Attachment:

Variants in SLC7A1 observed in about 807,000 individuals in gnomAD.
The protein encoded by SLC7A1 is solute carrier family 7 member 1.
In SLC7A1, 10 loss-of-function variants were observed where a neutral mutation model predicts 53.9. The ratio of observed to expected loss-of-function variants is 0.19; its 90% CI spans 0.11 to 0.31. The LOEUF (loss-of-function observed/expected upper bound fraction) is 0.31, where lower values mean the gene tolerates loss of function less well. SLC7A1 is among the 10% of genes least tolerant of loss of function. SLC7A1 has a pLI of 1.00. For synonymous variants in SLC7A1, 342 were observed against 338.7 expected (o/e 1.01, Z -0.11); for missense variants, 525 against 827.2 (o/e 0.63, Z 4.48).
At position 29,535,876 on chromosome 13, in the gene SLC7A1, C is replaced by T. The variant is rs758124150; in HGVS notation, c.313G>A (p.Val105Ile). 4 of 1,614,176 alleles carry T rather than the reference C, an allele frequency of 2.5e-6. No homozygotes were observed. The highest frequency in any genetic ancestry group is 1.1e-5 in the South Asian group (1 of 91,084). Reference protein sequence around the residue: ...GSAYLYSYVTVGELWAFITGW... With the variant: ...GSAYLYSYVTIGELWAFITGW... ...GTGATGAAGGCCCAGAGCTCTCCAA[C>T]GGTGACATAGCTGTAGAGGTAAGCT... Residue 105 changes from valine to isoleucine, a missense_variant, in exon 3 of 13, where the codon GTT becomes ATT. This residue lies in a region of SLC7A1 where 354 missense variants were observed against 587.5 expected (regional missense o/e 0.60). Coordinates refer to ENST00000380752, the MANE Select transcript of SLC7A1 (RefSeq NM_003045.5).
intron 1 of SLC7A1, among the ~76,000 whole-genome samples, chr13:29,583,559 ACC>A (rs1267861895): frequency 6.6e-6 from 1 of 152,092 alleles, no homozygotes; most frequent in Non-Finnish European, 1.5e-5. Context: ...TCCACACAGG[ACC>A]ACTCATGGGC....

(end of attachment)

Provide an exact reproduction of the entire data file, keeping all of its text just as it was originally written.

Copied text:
Variants in SLC7A1 observed in about 807,000 individuals in gnomAD.
The protein encoded by SLC7A1 is solute carrier family 7 member 1.
In SLC7A1, 10 loss-of-function variants were observed where a neutral mutation model predicts 53.9. The ratio of observed to expected loss-of-function variants is 0.19; its 90% CI spans 0.11 to 0.31. The LOEUF (loss-of-function observed/expected upper bound fraction) is 0.31, where lower values mean the gene tolerates loss of function less well. SLC7A1 is among the 10% of genes least tolerant of loss of function. SLC7A1 has a pLI of 1.00. For synonymous variants in SLC7A1, 342 were observed against 338.7 expected (o/e 1.01, Z -0.11); for missense variants, 525 against 827.2 (o/e 0.63, Z 4.48).
At position 29,535,876 on chromosome 13, in the gene SLC7A1, C is replaced by T. The variant is rs758124150; in HGVS notation, c.313G>A (p.Val105Ile). 4 of 1,614,176 alleles carry T rather than the reference C, an allele frequency of 2.5e-6. No homozygotes were observed. The highest frequency in any genetic ancestry group is 1.1e-5 in the South Asian group (1 of 91,084). Reference protein sequence around the residue: ...GSAYLYSYVTVGELWAFITGW... With the variant: ...GSAYLYSYVTIGELWAFITGW... ...GTGATGAAGGCCCAGAGCTCTCCAA[C>T]GGTGACATAGCTGTAGAGGTAAGCT... Residue 105 changes from valine to isoleucine, a missense_variant, in exon 3 of 13, where the codon GTT becomes ATT. This residue lies in a region of SLC7A1 where 354 missense variants were observed against 587.5 expected (regional missense o/e 0.60). Coordinates refer to ENST00000380752, the MANE Select transcript of SLC7A1 (RefSeq NM_003045.5).
intron 1 of SLC7A1, among the ~76,000 whole-genome samples, chr13:29,583,559 ACC>A (rs1267861895): frequency 6.6e-6 from 1 of 152,092 alleles, no homozygotes; most frequent in Non-Finnish European, 1.5e-5. Context: ...TCCACACAGG[ACC>A]ACTCATGGGC....